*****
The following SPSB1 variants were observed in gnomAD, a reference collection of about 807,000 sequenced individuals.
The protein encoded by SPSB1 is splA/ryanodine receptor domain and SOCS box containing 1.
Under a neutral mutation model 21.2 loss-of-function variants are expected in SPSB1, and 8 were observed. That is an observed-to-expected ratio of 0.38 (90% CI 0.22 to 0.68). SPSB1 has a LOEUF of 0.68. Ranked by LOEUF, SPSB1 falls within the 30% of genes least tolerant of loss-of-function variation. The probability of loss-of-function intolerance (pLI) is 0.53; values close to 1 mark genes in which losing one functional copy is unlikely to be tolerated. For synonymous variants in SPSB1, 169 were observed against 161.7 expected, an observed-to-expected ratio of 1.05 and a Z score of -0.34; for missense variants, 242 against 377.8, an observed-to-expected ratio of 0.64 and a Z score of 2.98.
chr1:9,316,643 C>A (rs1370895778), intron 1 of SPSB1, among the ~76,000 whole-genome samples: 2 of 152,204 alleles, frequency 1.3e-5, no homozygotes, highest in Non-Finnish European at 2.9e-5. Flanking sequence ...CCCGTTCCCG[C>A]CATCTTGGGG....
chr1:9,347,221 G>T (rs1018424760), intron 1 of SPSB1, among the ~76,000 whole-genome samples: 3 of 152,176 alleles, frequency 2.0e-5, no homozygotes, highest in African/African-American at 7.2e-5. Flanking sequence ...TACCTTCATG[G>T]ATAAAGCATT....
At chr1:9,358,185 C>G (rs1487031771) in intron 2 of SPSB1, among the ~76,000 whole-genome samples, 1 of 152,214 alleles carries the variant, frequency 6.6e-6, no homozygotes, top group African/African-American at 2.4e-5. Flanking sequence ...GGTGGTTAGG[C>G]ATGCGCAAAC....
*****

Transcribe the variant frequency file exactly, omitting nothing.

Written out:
The following SPSB1 variants were observed in gnomAD, a reference collection of about 807,000 sequenced individuals.
The protein encoded by SPSB1 is splA/ryanodine receptor domain and SOCS box containing 1.
Under a neutral mutation model 21.2 loss-of-function variants are expected in SPSB1, and 8 were observed. That is an observed-to-expected ratio of 0.38 (90% CI 0.22 to 0.68). SPSB1 has a LOEUF of 0.68. Ranked by LOEUF, SPSB1 falls within the 30% of genes least tolerant of loss-of-function variation. The probability of loss-of-function intolerance (pLI) is 0.53; values close to 1 mark genes in which losing one functional copy is unlikely to be tolerated. For synonymous variants in SPSB1, 169 were observed against 161.7 expected, an observed-to-expected ratio of 1.05 and a Z score of -0.34; for missense variants, 242 against 377.8, an observed-to-expected ratio of 0.64 and a Z score of 2.98.
chr1:9,316,643 C>A (rs1370895778), intron 1 of SPSB1, among the ~76,000 whole-genome samples: 2 of 152,204 alleles, frequency 1.3e-5, no homozygotes, highest in Non-Finnish European at 2.9e-5. Flanking sequence ...CCCGTTCCCG[C>A]CATCTTGGGG....
chr1:9,347,221 G>T (rs1018424760), intron 1 of SPSB1, among the ~76,000 whole-genome samples: 3 of 152,176 alleles, frequency 2.0e-5, no homozygotes, highest in African/African-American at 7.2e-5. Flanking sequence ...TACCTTCATG[G>T]ATAAAGCATT....
At chr1:9,358,185 C>G (rs1487031771) in intron 2 of SPSB1, among the ~76,000 whole-genome samples, 1 of 152,214 alleles carries the variant, frequency 6.6e-6, no homozygotes, top group African/African-American at 2.4e-5. Flanking sequence ...GGTGGTTAGG[C>G]ATGCGCAAAC....